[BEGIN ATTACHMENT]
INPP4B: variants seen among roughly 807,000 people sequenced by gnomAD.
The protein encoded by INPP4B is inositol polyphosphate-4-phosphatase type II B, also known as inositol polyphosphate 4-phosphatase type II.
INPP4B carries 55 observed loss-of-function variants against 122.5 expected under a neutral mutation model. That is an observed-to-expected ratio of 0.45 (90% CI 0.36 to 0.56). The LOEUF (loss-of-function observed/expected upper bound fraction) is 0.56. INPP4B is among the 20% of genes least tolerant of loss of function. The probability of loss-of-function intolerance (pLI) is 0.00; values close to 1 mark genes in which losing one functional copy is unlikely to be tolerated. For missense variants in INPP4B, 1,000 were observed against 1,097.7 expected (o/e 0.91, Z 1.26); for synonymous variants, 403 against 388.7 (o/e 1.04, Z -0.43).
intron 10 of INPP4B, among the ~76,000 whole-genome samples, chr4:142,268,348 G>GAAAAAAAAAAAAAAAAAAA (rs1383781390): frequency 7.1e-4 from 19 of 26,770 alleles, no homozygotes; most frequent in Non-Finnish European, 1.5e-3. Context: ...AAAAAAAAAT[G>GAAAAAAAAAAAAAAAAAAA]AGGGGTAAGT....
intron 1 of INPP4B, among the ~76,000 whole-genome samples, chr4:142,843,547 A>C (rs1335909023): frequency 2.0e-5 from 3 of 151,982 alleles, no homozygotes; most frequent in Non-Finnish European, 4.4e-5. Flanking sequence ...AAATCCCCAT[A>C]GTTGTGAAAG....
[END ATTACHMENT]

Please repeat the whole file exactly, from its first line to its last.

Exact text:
INPP4B: variants seen among roughly 807,000 people sequenced by gnomAD.
The protein encoded by INPP4B is inositol polyphosphate-4-phosphatase type II B, also known as inositol polyphosphate 4-phosphatase type II.
INPP4B carries 55 observed loss-of-function variants against 122.5 expected under a neutral mutation model. That is an observed-to-expected ratio of 0.45 (90% CI 0.36 to 0.56). The LOEUF (loss-of-function observed/expected upper bound fraction) is 0.56. INPP4B is among the 20% of genes least tolerant of loss of function. The probability of loss-of-function intolerance (pLI) is 0.00; values close to 1 mark genes in which losing one functional copy is unlikely to be tolerated. For missense variants in INPP4B, 1,000 were observed against 1,097.7 expected (o/e 0.91, Z 1.26); for synonymous variants, 403 against 388.7 (o/e 1.04, Z -0.43).
intron 10 of INPP4B, among the ~76,000 whole-genome samples, chr4:142,268,348 G>GAAAAAAAAAAAAAAAAAAA (rs1383781390): frequency 7.1e-4 from 19 of 26,770 alleles, no homozygotes; most frequent in Non-Finnish European, 1.5e-3. Context: ...AAAAAAAAAT[G>GAAAAAAAAAAAAAAAAAAA]AGGGGTAAGT....
intron 1 of INPP4B, among the ~76,000 whole-genome samples, chr4:142,843,547 A>C (rs1335909023): frequency 2.0e-5 from 3 of 151,982 alleles, no homozygotes; most frequent in Non-Finnish European, 4.4e-5. Flanking sequence ...AAATCCCCAT[A>C]GTTGTGAAAG....